Declining Balance Method

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What is a 'Declining Balance Method'

A declining balance method is a common depreciation-calculation system that involves applying the depreciation rate against the non-depreciated balance. Instead of spreading the cost of the asset evenly over its life, this system expenses the asset at a constant rate, which results in declining depreciation charges each successive period. For example, if an asset that costs $1,000 is depreciated at 25% each year, the deduction is $250.00 in the first year, $187.50 in the second year, and so on.

BREAKING DOWN 'Declining Balance Method'

Depreciation is an accounting convention that attempts to better match expenses to the revenues they produce. That is, accountants want to make sure that the assets purchased today are expensed as they are used, rather than only on the day of purchase. Some expenses, such as office supplies and inventory, are expensed in the year they are purchased because they are used in the same year. Other items, such as a truck, can provide value for more than one year. These assets are referred to as capitalized assets and capitalized assets are treated differently on the balance sheet and income statement. Capitalized assets are not fully expensed in the purchase year, they are depreciated over the life of the asset. One depreciation method used to estimate the amount to depreciate each year is referred to as the declining balance method.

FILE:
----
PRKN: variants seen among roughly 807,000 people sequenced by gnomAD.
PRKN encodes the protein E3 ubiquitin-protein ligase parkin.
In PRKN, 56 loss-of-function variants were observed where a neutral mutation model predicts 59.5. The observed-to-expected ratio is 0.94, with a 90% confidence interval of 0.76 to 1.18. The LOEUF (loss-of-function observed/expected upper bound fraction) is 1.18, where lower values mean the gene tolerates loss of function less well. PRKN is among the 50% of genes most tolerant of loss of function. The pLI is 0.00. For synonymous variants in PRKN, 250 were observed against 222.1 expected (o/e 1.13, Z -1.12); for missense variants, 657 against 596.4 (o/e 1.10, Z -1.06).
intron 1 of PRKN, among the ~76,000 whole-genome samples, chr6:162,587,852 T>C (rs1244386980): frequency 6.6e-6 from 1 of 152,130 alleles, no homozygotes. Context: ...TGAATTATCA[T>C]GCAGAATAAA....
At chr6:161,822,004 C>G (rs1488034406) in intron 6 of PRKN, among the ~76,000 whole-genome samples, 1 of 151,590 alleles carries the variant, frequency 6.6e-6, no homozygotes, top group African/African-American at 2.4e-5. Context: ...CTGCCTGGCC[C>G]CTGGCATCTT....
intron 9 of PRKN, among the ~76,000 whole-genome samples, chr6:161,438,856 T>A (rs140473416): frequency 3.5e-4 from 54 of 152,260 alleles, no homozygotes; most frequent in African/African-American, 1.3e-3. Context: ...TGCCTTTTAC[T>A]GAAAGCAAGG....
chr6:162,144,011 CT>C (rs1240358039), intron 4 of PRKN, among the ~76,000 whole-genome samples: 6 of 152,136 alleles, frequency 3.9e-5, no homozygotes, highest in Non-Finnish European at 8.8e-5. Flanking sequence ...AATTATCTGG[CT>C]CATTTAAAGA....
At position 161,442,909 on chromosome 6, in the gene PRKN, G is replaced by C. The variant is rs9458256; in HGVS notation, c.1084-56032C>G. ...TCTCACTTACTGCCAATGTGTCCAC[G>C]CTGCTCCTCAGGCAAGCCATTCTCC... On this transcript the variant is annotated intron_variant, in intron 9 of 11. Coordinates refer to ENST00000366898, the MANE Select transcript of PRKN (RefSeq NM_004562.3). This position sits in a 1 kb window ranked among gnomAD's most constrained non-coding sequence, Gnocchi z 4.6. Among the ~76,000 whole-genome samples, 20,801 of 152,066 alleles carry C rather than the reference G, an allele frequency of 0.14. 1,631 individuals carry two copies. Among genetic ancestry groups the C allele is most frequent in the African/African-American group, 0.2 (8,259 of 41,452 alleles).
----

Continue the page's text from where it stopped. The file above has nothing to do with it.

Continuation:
Straight-Line Method

Accountants generally base the declining balance method on the straight-line method. Under the straight-line method the accountant estimates depreciation expense by subtracting the salvage value from the cost of the asset and then dividing by the useful life of the asset. The salvage value is the value of the asset after its useful life, which may also be the scrap value. The cost of the asset is the cost to purchase, and the useful life is the expected life expectancy of the asset, which is generally provided by the manufacturer. If a company purchases a truck for $15,000 with a salvage value of $5,000 and a useful life of five years, the annual straight-line depreciation expense is equal to $15,000 minus $5,000 divided by five, or 20% of $10,000.

Declining Balance Method

The declining balance method doubles the depreciation rates. For example, instead of only depreciating 20% of the book value of the asset, the company expenses 40%. As the asset's book value decreases, so does the depreciation expense until the asset is fully written off. Accountants using this method to depreciate a truck believe the truck is more productive in the beginning of its useful life than the end, and therefore more of the truck's value is depreciated in the beginning of the asset's life under an accelerated or declining balance method.

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